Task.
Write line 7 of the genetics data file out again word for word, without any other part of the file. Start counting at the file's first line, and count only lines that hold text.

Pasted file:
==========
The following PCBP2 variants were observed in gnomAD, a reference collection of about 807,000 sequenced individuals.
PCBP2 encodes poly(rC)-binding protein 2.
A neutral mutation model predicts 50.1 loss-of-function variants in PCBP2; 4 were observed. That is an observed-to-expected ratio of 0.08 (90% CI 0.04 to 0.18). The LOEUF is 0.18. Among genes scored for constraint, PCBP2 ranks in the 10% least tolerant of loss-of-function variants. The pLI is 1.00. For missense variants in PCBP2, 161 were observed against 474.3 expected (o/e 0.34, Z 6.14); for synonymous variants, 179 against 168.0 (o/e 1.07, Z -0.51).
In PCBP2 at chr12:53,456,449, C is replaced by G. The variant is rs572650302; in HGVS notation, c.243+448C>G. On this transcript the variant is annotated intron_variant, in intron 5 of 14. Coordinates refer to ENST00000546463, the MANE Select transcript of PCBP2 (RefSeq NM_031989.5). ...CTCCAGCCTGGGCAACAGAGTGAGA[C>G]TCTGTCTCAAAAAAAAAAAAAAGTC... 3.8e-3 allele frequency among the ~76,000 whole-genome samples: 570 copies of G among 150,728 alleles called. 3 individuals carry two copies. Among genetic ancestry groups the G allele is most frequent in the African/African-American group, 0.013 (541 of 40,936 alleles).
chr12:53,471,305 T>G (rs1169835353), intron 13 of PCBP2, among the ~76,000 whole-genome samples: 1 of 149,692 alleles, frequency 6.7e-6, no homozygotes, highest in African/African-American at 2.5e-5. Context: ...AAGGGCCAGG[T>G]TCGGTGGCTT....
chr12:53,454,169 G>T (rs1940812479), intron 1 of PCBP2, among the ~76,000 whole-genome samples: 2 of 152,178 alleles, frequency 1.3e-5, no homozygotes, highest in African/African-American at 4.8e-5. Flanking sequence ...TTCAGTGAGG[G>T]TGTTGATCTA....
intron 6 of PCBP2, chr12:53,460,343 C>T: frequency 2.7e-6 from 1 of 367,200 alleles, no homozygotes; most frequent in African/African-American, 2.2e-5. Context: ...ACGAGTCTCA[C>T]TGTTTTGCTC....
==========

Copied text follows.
intron 6 of PCBP2, chr12:53,460,343 C>T: frequency 2.7e-6 from 1 of 367,200 alleles, no homozygotes; most frequent in African/African-American, 2.2e-5. Context: ...ACGAGTCTCA[C>T]TGTTTTGCTC....